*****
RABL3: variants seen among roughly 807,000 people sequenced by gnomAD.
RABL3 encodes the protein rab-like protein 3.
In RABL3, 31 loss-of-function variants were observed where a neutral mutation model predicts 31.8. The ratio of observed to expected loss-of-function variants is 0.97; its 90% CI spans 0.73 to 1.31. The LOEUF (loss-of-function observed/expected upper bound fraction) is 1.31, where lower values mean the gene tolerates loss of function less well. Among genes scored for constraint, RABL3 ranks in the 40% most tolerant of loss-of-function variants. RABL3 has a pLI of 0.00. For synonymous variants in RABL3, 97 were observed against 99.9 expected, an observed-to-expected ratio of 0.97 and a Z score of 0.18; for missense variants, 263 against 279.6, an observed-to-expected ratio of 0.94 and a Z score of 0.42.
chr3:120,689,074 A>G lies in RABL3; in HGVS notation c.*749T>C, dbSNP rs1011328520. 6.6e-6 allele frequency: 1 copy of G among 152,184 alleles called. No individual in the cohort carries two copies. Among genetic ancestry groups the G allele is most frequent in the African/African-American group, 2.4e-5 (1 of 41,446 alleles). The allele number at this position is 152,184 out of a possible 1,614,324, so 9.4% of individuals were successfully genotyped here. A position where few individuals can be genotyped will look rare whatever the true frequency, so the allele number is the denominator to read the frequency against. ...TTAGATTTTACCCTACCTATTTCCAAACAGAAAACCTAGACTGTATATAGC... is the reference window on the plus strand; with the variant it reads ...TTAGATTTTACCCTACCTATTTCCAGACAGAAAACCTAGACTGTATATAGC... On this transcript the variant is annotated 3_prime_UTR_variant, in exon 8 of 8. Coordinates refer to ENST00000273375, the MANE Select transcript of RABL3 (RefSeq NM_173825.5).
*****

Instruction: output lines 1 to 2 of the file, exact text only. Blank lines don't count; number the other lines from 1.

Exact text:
RABL3: variants seen among roughly 807,000 people sequenced by gnomAD.
RABL3 encodes the protein rab-like protein 3.